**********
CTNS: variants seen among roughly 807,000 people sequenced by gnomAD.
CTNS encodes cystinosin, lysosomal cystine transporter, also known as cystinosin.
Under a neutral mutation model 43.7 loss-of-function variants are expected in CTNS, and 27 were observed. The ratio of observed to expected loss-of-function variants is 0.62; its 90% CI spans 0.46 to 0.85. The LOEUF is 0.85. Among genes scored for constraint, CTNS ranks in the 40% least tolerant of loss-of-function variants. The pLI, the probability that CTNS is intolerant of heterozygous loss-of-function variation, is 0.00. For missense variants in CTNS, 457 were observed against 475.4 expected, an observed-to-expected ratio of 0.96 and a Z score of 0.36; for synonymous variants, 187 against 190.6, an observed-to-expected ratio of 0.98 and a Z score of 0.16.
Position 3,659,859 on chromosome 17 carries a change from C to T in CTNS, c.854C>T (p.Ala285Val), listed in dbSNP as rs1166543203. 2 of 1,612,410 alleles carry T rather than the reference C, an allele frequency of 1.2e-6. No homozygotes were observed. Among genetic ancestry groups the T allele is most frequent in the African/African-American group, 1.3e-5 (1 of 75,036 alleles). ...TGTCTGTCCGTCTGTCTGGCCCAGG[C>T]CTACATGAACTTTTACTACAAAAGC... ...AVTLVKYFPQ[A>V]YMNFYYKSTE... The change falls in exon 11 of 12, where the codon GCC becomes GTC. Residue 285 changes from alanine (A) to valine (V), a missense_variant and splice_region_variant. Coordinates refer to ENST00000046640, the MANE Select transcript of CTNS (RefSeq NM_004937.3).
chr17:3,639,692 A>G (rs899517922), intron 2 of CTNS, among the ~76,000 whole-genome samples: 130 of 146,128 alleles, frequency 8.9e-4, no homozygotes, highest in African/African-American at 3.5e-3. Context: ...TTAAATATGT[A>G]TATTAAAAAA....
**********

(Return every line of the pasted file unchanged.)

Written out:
CTNS: variants seen among roughly 807,000 people sequenced by gnomAD.
CTNS encodes cystinosin, lysosomal cystine transporter, also known as cystinosin.
Under a neutral mutation model 43.7 loss-of-function variants are expected in CTNS, and 27 were observed. The ratio of observed to expected loss-of-function variants is 0.62; its 90% CI spans 0.46 to 0.85. The LOEUF is 0.85. Among genes scored for constraint, CTNS ranks in the 40% least tolerant of loss-of-function variants. The pLI, the probability that CTNS is intolerant of heterozygous loss-of-function variation, is 0.00. For missense variants in CTNS, 457 were observed against 475.4 expected, an observed-to-expected ratio of 0.96 and a Z score of 0.36; for synonymous variants, 187 against 190.6, an observed-to-expected ratio of 0.98 and a Z score of 0.16.
Position 3,659,859 on chromosome 17 carries a change from C to T in CTNS, c.854C>T (p.Ala285Val), listed in dbSNP as rs1166543203. 2 of 1,612,410 alleles carry T rather than the reference C, an allele frequency of 1.2e-6. No homozygotes were observed. Among genetic ancestry groups the T allele is most frequent in the African/African-American group, 1.3e-5 (1 of 75,036 alleles). ...TGTCTGTCCGTCTGTCTGGCCCAGG[C>T]CTACATGAACTTTTACTACAAAAGC... ...AVTLVKYFPQ[A>V]YMNFYYKSTE... The change falls in exon 11 of 12, where the codon GCC becomes GTC. Residue 285 changes from alanine (A) to valine (V), a missense_variant and splice_region_variant. Coordinates refer to ENST00000046640, the MANE Select transcript of CTNS (RefSeq NM_004937.3).
chr17:3,639,692 A>G (rs899517922), intron 2 of CTNS, among the ~76,000 whole-genome samples: 130 of 146,128 alleles, frequency 8.9e-4, no homozygotes, highest in African/African-American at 3.5e-3. Context: ...TTAAATATGT[A>G]TATTAAAAAA....